5 toxics that are everywhere: Protect yourself
- 5 everyday chemicals linked to ailments including cancer, sexual problems, behavioral issues
- The 5: BPA; phthalates; PFOA; formaldehyde; polybrominated diphenyl ethers, or PDBEs
- Tests reveal most of us now carry them in our bodies
- Read on for ways to reduce exposure
Is enough being done to protect us from chemicals that could harm us? Watch "Toxic America," a special two-night investigative report with Sanjay Gupta M.D., June 2 and 3 at 8 p.m. ET on CNN.
(CNN) -- A growing body of research is linking five chemicals -- among the most common in the world -- to a host of ailments, including cancer, sexual problems and behavioral issues.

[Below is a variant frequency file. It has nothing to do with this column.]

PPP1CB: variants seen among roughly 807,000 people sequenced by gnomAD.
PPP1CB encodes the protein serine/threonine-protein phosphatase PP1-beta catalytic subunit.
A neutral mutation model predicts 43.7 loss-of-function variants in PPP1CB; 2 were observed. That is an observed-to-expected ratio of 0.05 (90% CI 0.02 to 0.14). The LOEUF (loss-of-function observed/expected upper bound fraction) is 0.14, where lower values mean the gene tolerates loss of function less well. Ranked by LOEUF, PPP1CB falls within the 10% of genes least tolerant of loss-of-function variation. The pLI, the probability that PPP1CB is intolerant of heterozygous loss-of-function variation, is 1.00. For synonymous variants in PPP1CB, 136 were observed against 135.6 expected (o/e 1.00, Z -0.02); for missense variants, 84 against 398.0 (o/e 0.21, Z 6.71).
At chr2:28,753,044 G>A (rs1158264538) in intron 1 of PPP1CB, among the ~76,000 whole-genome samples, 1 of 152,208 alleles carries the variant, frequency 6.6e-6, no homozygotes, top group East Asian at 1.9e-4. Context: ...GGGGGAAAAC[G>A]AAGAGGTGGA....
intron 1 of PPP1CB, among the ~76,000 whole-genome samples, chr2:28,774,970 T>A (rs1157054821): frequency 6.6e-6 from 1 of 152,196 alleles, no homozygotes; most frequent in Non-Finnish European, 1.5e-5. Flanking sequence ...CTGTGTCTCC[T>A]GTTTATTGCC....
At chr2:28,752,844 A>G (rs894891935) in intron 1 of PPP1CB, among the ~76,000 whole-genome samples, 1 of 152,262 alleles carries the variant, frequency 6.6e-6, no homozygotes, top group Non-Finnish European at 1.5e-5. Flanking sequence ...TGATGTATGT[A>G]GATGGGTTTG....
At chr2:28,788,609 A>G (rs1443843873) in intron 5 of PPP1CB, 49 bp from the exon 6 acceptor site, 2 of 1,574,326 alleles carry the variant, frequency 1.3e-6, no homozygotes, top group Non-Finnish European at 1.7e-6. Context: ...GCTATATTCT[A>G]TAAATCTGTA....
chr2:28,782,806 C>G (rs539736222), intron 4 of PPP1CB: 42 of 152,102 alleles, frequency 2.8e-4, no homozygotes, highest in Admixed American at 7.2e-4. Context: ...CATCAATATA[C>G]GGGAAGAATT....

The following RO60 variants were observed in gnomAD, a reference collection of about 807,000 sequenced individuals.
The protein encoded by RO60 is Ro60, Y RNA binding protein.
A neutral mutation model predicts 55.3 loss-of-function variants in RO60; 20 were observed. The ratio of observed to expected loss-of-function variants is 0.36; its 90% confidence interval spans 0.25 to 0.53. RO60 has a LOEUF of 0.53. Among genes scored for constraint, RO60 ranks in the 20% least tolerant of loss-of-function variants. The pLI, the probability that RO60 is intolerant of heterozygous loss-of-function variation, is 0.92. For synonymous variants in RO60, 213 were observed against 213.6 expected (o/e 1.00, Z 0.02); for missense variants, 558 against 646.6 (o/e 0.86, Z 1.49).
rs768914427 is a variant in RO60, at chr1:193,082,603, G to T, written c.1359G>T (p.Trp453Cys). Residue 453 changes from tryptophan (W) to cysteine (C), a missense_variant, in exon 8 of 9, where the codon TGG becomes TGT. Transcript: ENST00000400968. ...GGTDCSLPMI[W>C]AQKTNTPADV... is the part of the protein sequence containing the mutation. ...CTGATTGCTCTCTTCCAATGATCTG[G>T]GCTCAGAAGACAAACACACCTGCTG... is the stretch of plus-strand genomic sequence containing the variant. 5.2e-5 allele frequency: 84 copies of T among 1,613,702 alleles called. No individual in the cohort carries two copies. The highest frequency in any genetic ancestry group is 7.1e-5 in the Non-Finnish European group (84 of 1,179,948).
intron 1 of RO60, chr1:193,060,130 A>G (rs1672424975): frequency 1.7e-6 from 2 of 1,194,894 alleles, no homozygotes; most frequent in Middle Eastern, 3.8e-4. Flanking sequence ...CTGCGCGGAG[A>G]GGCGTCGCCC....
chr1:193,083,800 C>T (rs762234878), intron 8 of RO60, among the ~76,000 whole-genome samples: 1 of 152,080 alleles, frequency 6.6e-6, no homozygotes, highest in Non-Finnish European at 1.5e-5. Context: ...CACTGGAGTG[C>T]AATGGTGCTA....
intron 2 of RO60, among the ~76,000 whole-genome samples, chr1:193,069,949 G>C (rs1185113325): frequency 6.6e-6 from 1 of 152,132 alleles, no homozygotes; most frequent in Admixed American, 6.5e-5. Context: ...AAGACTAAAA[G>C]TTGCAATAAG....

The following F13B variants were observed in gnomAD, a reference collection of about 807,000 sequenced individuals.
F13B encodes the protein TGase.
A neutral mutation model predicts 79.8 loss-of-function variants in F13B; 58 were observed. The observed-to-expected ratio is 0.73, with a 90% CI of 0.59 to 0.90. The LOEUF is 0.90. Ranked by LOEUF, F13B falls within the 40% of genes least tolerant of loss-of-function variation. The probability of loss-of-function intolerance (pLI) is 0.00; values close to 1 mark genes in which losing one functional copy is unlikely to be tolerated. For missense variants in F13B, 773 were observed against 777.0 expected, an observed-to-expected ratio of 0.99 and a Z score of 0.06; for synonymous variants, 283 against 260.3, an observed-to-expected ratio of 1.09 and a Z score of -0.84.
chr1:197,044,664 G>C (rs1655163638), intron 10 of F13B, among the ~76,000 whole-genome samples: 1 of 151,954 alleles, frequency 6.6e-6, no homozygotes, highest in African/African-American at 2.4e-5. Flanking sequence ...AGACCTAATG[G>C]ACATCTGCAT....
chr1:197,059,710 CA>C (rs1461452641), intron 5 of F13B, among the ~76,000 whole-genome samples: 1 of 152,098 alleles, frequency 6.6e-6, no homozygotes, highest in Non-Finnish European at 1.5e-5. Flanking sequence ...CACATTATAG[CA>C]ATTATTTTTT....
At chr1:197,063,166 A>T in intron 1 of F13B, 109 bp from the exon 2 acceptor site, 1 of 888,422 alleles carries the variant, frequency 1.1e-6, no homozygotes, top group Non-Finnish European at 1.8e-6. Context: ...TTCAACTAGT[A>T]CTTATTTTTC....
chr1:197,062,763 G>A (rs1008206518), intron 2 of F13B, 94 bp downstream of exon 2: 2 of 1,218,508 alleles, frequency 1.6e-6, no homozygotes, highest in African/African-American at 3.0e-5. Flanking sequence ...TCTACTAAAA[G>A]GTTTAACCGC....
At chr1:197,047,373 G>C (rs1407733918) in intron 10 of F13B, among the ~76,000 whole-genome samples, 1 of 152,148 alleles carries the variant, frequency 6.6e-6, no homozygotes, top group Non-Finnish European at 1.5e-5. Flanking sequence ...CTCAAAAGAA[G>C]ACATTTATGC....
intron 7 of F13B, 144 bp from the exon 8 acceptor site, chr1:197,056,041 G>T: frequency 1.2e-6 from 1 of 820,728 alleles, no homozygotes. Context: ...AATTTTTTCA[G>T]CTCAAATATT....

We encounter them every day -- in plastic bottles, storage containers, food wrap, cans, cookware, appliances, carpets, shower curtains, clothes, personal care products, furniture, television sets, electronics, bedding, cushions and mattresses. In short, every room in almost every house in the United States is likely to contain at least one of these chemicals, many of which did not exist a century ago.
They are bisphenol A, or BPA; phthalates; PFOA; formaldehyde; and polybrominated diphenyl ethers, or PDBEs. Tests reveal most of us now carry them in our bodies, but are they putting our health -- and the health of our children -- in jeopardy?
Here's what you should know about:
BPA - Bisphenol A
What it does: BPA is a building block of a lightweight, clear, heat-resistant and almost unbreakable plastic called polycarbonate. It's also used in epoxy resins.